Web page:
What does Genesis 9:15 mean?
ESV: I will remember my covenant that is between me and you and every living creature of all flesh. And the waters shall never again become a flood to destroy all flesh.
NIV: I will remember my covenant between me and you and all living creatures of every kind. Never again will the waters become a flood to destroy all life.
NASB: and I will remember My covenant, which is between Me and you and every living creature of all flesh; and never again shall the water become a flood to destroy all flesh.
CSB: I will remember my covenant between me and you and all the living creatures: water will never again become a flood to destroy every creature.
NLT: and I will remember my covenant with you and with all living creatures. Never again will the floodwaters destroy all life.
KJV: And I will remember my covenant, which is between me and you and every living creature of all flesh; and the waters shall no more become a flood to destroy all flesh.
NKJV: and I will remember My covenant which is between Me and you and every living creature of all flesh; the waters shall never again become a flood to destroy all flesh.
Verse Commentary:
This completes the thought begun in the previous verse. God has established His covenant promise with all life on the earth that He will never again bring a global flood to destroy every living thing. Now God says that when the rainbow becomes visible against the clouds, He will remember His covenant. He will not send another flood.

Usually in Scripture, signs for covenants are given by humans, not by God. Those signs, such as circumcision (Genesis 17:11), are meant to demonstrate the commitment of people to the covenant and to remind them to hold to the agreement they have made. In this case, though, the sign is given by God and it is to serve as a reminder to God of the agreement He has made.

It's an odd idea, to us, that God would somehow need to be reminded of His agreement. He doesn't need to have His memory jogged, of course, but He claims the right to be reminded anyway. This is similar to the reason why God, who cannot lie or change (Numbers 23:19; Malachi 3:6), speaks of "covenants" in the first place: to emphasize to mankind the serious nature of His promise. And while God says that the reminder is for Him, it's also true that the appearance of the rainbow is a reminder to humanity of God's covenant promise, of His grace and mercy to all life on the earth.
Verse Context:
Genesis 9:1–17 continues God's interaction with Noah and his sons following the flood. First, God blesses them and gives them specific instructions about how to live in this remade world. God commands them to reproduce and fill the earth, among other things. Next, God establishes His unilateral covenant to never again end all life on earth with a flood, offering the rainbow as a sign of this promise.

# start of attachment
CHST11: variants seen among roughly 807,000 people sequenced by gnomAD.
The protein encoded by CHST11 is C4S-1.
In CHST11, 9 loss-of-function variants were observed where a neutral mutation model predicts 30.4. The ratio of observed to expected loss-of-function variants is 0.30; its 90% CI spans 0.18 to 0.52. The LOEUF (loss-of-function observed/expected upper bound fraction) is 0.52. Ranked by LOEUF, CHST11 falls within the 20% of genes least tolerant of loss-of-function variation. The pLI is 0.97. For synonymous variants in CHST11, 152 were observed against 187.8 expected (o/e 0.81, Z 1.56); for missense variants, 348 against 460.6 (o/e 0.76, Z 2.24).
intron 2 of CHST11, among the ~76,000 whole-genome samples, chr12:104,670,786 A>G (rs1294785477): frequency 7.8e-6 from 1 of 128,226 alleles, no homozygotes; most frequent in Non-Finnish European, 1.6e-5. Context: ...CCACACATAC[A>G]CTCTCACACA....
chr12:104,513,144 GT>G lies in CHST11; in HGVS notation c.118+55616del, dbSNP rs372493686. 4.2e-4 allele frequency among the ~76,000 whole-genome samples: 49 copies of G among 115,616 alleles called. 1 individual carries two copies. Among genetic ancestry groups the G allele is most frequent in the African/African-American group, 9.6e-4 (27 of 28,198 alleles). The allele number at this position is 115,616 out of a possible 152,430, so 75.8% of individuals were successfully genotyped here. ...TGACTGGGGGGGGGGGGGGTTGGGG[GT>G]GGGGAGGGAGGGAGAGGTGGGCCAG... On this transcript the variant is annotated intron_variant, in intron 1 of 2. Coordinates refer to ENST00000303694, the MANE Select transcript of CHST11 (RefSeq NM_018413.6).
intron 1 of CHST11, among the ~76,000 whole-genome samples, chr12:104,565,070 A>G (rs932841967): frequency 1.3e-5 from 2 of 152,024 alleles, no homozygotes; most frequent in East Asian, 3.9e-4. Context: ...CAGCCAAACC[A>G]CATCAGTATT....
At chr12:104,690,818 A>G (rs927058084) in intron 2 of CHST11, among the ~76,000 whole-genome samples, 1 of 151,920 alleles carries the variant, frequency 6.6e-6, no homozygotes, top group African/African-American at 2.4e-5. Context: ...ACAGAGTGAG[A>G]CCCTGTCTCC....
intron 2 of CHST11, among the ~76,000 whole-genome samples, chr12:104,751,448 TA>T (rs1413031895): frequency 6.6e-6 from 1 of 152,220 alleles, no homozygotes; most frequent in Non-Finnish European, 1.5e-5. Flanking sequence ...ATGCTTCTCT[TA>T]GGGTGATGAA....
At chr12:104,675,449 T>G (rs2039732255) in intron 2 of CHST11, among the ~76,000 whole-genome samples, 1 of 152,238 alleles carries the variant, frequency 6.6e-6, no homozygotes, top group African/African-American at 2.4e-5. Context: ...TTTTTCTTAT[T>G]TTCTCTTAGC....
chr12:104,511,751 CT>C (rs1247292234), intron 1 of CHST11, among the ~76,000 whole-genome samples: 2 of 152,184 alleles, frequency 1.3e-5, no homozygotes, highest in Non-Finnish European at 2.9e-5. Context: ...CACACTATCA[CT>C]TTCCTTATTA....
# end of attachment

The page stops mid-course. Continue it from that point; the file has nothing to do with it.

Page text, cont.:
Chapter Summary:
Chapter 9 describes God's interactions with Noah and his sons following the flood. First, God gives blessings and instructions, including the command to reproduce and fill the earth. Next, God makes a unilateral covenant with humanity and animals never to end all life with a flood again. He offers the rainbow as a sign of this promise. Finally, Noah prophesies about the future of his son's descendants after an awkward episode in which Ham talks to his brothers about seeing Noah passed out drunk and naked.
Chapter Context:
Chapters 6, 7, and 8 describe God's destruction of the world in a massive flood. Now, in Genesis 9, Scripture describes God's dealings with Noah and his sons following the flood. First, God blesses them and gives specific instructions, including the command to fill the earth. Next, God expands on His promise to never again end all life on earth a flood. Finally, Noah curses Ham and blesses Shem and Japheth after Ham tells his brothers about seeing Noah passed out drunk and naked. Chapters 10 and 11 will sketch out the history of mankind from Noah to Abraham.
Book Summary:
The book of Genesis establishes fundamental truths about God. Among these are His role as the Creator, His holiness, His hatred of sin, His love for mankind, and His willingness to provide for our redemption. We learn not only where mankind has come from, but why the world is in its present form. The book also presents the establishment of Israel, God's chosen people. Many of the principles given in other parts of Scripture depend on the basic ideas presented here in the book of Genesis. Within the framework of the Bible, Genesis explains the bare-bones history of the universe leading up to the captivity of Israel in Egypt, setting the stage for the book of Exodus.
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